NEW YORK - U.S. Treasury yields fell from 3-1/2 week highs on Tuesday as souring risk appetite increased demand for the safe haven debt, and before the United States Treasury Department will sell three-year notes.

Stocks opened lower after Target Corp's quarterly margin forecast cut raised worries about slowing demand in an inflationary environment and dragged down retail shares.

Expectations that the Federal Reserve will next week hike rates by 50 basis points and strike a hawkish tone on further tightening as it tackles high inflation is also reducing risk appetite, said Tom di Galoma, managing director at Seaport Global Holdings in New York.

“Powell needs to be pretty hawkish and I think that’s why we’re seeing this risk off move ahead of the Fed next week,” di Galoma said.

Benchmark 10-year note yields fell four basis points to 2.996% after reaching 3.064% overnight, the highest since May 11. Two-year note yields declined two basis points to 2.710%, after earlier reaching 2.759%. Yields rose overnight as investors readied for this week’s new debt supply.

The U.S. Treasury will sell $44 billion in three-year notes on Tuesday, the first auction of $96 billion in new supply this week. The government will also issue $33 billion in 10-year notes on Wednesday and $19 billion in 30-year bonds on Thursday.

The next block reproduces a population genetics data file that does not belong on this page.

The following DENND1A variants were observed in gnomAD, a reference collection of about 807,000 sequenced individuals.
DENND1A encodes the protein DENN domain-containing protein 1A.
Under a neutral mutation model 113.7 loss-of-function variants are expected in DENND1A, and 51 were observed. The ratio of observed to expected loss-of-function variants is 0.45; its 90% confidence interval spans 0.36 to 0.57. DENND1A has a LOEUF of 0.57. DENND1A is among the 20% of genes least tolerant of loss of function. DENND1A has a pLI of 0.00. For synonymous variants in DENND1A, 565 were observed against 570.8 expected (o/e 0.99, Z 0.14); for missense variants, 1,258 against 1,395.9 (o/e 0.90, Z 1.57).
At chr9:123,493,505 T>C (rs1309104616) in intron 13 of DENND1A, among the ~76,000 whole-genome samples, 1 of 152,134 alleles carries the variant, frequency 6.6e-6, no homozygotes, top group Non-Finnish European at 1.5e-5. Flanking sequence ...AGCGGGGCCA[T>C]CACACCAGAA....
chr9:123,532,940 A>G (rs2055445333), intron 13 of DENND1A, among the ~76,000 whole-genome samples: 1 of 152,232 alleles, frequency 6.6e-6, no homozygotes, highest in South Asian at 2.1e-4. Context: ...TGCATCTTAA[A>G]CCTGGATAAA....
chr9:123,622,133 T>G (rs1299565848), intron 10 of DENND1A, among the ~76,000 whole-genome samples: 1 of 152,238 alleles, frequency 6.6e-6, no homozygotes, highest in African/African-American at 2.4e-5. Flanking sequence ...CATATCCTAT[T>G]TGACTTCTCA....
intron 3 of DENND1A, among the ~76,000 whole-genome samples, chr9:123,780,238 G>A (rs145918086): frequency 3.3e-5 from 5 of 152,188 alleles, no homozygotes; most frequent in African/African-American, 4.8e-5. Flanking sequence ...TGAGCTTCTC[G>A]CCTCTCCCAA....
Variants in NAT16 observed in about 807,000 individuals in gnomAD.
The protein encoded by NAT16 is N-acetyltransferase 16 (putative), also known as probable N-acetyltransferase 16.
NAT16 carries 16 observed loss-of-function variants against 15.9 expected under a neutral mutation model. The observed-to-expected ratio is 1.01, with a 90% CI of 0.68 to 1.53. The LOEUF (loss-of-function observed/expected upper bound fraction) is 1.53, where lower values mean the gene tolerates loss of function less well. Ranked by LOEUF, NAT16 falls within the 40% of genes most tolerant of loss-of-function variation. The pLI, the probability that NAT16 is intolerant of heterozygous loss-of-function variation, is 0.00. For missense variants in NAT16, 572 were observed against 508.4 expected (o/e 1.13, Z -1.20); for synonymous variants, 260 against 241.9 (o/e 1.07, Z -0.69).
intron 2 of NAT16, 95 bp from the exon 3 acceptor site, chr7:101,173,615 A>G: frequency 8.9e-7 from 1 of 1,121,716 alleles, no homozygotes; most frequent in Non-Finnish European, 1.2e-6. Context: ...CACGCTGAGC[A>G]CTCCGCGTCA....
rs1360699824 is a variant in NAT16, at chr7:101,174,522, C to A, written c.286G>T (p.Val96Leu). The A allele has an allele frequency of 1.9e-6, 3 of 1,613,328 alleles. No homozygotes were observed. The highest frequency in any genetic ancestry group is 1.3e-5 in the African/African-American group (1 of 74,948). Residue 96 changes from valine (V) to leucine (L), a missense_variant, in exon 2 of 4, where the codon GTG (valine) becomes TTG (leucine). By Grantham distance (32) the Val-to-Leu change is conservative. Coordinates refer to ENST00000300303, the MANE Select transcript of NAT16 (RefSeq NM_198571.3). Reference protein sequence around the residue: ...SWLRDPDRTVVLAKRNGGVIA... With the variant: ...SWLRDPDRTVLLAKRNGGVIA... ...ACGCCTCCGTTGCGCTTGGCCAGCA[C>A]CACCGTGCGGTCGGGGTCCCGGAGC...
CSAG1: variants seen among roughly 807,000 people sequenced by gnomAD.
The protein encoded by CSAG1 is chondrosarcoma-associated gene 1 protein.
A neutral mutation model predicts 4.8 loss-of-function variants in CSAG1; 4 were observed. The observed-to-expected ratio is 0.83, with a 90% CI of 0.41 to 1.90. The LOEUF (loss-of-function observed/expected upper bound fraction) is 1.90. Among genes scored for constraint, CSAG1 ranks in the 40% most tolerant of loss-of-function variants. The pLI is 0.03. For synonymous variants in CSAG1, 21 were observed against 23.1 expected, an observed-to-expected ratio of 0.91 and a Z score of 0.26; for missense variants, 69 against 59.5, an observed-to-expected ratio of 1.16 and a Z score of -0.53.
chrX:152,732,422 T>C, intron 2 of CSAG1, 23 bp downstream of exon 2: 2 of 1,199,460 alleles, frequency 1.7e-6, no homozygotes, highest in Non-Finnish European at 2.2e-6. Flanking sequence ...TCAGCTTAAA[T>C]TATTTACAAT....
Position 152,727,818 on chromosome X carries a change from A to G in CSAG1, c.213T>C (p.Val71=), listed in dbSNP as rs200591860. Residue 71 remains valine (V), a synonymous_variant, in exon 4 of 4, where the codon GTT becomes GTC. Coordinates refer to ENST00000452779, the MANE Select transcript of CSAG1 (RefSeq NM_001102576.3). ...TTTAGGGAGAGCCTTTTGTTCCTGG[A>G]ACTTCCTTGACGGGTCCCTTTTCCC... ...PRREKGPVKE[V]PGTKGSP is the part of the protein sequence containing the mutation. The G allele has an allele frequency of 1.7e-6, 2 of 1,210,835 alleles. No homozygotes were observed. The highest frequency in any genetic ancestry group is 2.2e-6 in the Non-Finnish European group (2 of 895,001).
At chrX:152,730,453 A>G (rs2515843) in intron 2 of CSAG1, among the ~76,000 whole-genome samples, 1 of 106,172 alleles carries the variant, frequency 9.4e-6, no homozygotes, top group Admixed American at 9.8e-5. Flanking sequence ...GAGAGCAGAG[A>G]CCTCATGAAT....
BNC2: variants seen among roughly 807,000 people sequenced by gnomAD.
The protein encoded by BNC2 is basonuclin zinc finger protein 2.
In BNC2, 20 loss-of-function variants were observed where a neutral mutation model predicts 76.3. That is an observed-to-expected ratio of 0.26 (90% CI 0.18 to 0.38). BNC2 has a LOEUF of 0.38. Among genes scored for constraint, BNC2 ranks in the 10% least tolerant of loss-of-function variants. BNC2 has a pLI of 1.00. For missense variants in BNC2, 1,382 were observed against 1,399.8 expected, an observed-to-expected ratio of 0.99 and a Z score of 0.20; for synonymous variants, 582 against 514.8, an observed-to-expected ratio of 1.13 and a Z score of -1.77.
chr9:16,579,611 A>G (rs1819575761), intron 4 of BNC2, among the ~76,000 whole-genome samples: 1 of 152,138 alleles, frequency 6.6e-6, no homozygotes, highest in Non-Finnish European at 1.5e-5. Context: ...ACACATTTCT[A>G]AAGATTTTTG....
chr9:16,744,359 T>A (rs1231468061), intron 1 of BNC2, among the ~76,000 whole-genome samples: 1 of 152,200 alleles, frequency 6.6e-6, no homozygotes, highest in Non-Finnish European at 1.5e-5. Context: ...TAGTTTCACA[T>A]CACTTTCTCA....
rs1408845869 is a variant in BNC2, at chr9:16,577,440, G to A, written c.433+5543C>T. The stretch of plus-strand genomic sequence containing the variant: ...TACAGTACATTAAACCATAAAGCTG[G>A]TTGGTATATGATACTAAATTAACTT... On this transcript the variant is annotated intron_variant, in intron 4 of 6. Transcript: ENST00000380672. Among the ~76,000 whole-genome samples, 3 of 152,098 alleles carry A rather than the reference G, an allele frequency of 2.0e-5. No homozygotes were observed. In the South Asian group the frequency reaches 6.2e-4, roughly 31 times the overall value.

Three-year note yields fell four basis points to 2.903%. Inflation data due on Friday is expected to show that consumer prices rose 0.7% in May, compared with 0.3% in April, with annual inflation unchanged at 8.3%, according to the median estimate of economists’ polled by Reuters.

The persistently high inflation could increase bets that the U.S. central bank will remain hawkish for months to come as it tries to subdue prices that are rising at the fastest pace in 40 years.

The Fed is expected to raise rates by 50 basis points each at its June and July meetings, with an additional 50 basis point increase also possible in September. Fed fund futures indicate the Fed’s benchmark rate is expected to rise to 3.21% by March, from 0.83% now.

Ten-year yields dropped from 3-1/2-year highs last month on speculation that the U.S. central bank could pause its rate hikes after July if economic data weakens. But Fed officials including Vice Chair Lael Brainard last week played down the likelihood of a pause, and expressed concern that inflation will remain stubbornly high.

(Editing by Tomasz Janowski)